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EPA Announces Bed Bug Summit, Seeks Public Participation

(Beyond Pesticides, December 13, 2010) The U.S. Environmental Protection Agency (EPA) has announced that a national summit on bed bugs will be held by the Federal Bed Bug Workgroup on February 1-2, 2011 in Washington, DC. The public is invited to the summit to learn and discuss ways to solve the bed bug problem that is sweeping the country. It is the second such summit organized by the EPA, the last having been held in April 2009 (see summit recommendations), seeking input from scientists, regulators, and professionals in addition to the public as to how best to confront the issue. One of the recommendations from the first summit, that an interagency federal task force be created, led to the formation of the Federal Bed Bug Workgroup as a collaboration between the EPA, the Department of Housing and Urban Development, Department of Agriculture, Department of Defense, Department of Commerce, and National Institutes of Health.

Bed bugs have recently begun to spread rapidly throughout the country, due in part to global travel and increased resistance to pesticides, and have reached levels not seen since the end of World War II. This resurgence, coupled with the bugs’ adapted resistance to common treatments such as pyrethroids, has led to widespread public anxiety and drastic attempts to stem their spread through various means. Often these attempts have included the use of highly toxic and harmful chemicals. For example, in 2009, the State of Ohio, dealing with infestation in several major cities, petitioned the EPA to approve the indoor use of the pesticide propoxur, which the agency considers a probable carcinogen and banned for in-home use in 2007, due to concerns posed to children. About 25 other states supported Ohio’s request for an emergency exemption. In comments to the agency objecting to the petition for propoxur, Beyond Pesticides and other environmental and public health advocates urged the agency to reject the request, citing the serious public health threat associated with the chemical, as well as the availability of alternatives. EPA rejected Ohio’s petition in June.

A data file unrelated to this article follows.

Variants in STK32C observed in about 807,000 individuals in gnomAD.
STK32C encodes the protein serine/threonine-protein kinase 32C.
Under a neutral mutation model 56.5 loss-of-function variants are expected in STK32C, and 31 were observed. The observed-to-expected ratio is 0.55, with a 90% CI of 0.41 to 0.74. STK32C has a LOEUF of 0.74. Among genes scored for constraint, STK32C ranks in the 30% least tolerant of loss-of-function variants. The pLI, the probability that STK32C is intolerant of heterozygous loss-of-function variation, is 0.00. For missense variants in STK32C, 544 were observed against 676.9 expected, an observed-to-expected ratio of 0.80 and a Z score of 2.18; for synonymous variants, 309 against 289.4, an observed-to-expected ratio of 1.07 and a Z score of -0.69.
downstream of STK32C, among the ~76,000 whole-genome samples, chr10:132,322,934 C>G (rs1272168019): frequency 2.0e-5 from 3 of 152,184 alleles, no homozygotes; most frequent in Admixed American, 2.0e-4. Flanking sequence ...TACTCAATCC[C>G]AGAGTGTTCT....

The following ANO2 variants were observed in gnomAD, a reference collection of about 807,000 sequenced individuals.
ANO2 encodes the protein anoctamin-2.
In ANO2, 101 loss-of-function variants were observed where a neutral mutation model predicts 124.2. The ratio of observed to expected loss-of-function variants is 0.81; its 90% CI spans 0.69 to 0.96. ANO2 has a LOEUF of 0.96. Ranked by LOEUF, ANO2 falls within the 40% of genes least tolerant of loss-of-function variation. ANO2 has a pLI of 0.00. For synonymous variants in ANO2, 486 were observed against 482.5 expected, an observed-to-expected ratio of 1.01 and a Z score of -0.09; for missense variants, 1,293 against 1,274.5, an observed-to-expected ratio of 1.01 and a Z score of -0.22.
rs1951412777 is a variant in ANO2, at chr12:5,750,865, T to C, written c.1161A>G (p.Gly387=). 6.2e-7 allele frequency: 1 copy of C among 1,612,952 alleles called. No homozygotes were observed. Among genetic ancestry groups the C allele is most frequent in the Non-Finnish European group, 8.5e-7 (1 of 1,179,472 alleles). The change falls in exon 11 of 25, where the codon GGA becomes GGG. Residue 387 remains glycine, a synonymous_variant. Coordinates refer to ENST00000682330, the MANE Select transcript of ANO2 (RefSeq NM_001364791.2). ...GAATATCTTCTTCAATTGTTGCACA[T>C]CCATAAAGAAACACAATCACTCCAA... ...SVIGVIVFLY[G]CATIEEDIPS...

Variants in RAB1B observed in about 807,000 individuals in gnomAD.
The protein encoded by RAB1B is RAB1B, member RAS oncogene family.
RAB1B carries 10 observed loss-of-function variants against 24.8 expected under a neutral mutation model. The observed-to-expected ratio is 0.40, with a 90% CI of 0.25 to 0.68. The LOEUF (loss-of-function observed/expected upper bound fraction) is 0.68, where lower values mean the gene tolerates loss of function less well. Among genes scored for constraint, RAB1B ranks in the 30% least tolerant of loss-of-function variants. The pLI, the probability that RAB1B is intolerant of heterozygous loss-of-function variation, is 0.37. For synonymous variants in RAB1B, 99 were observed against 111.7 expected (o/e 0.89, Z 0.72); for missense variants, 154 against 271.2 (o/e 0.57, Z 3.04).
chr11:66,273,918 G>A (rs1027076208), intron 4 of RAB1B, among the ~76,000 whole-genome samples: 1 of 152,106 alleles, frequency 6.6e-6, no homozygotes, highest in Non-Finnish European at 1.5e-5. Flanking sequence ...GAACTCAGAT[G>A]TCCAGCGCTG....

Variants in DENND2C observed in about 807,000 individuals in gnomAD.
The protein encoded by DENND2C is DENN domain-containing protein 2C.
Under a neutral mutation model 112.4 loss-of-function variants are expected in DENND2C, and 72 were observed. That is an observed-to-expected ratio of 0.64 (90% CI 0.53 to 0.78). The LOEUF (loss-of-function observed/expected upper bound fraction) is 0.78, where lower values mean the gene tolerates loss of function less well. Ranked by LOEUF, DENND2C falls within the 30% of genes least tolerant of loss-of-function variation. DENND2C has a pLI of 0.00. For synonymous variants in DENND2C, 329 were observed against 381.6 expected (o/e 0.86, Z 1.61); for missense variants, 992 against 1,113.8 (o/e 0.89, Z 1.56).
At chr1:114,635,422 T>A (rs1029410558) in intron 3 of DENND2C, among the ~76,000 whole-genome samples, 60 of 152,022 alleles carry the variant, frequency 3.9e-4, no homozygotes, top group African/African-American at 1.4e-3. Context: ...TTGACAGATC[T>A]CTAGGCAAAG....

Efforts which use chemicals such as these are unnecessary and can actually cause more harm than the bed bugs themselves. It should be emphasized: Bed bugs do not transmit disease and can be controlled. The EPA and the Centers for Disease Control and Prevention have put together a joint statement on bed bug control which provides background information on the recent rise in bed bug problems, discusses the public health implications of bed bug infestations, and stresses the importance of controlling them with an integrated approach. They are of course a cause for concern and a nuisance, but they can be effectively eliminated through a range of non-hazardous practices that do not put you and your family at risk. These techniques, which can be found on the Beyond Pesticides’ bed bug page, include:

Caulk and seal crevices. Prevent bed bugs from entering your home.
Eliminate clutter. Getting rid of as much clutter as possible will help you locate and eliminate infestations.
Vacuum. This will only remove visible bed bugs, but is important to get rid of dead bed bugs and their frass. Use a stiff brush to dislodge eggs in cracks and crevices and use a vacuum attachment that does not have bristles to get into the corners. Be sure to discard the bag immediately after vacuuming.
Launder Fabrics and Clothing. Wash and dry clothing for 30 minutes or a full cycle at the hottest setting the fabric will allow. Dry clean only clothes can simply be put into the dryer. If the fabric is too delicate for the hottest temperature, place it on a lower heat setting and let it run for the full cycle.
Encase mattresses and box springs. Make sure the encasement has been tested for bed bugs and will not rip and does not contain synthetic pesticides impregnated in the material. It will eventually kill all bed bugs inside.
Steam Treatment. Steam treatment will kill all stages of bedbugs. Move the nozzle over the bed bugs at a rate of 20 seconds per linear foot, and wrap a piece of fabric over the upholstery nozzle to reduce water pressure to make sure bed bugs don’t blow away. Many pest control companies provide this option, but you may have to ask for it.
Heat Treatment. Heat, either blown with a fan or ambient, can provide complete control of bed bugs, if all areas of infestation reach 120 degrees F.

Additionally, EPA has created a website which emphasizes an integrated pest management approach to controlling bed bugs.

Experts say it is going to take a comprehensive public health campaign — public-service announcements, travel tips and perhaps even taxpayer-funded extermination programs for public housing — to reduce the bedbug problem. People can get bedbugs by visiting infested homes or hotels, where the vermin hide in mattresses, pillows and curtains. The bugs are stealth hitchhikers that climb onto bags, clothing and luggage.

For more information, see our program page and read our factsheet, “Got Bed Bugs? Don’t Panic.”


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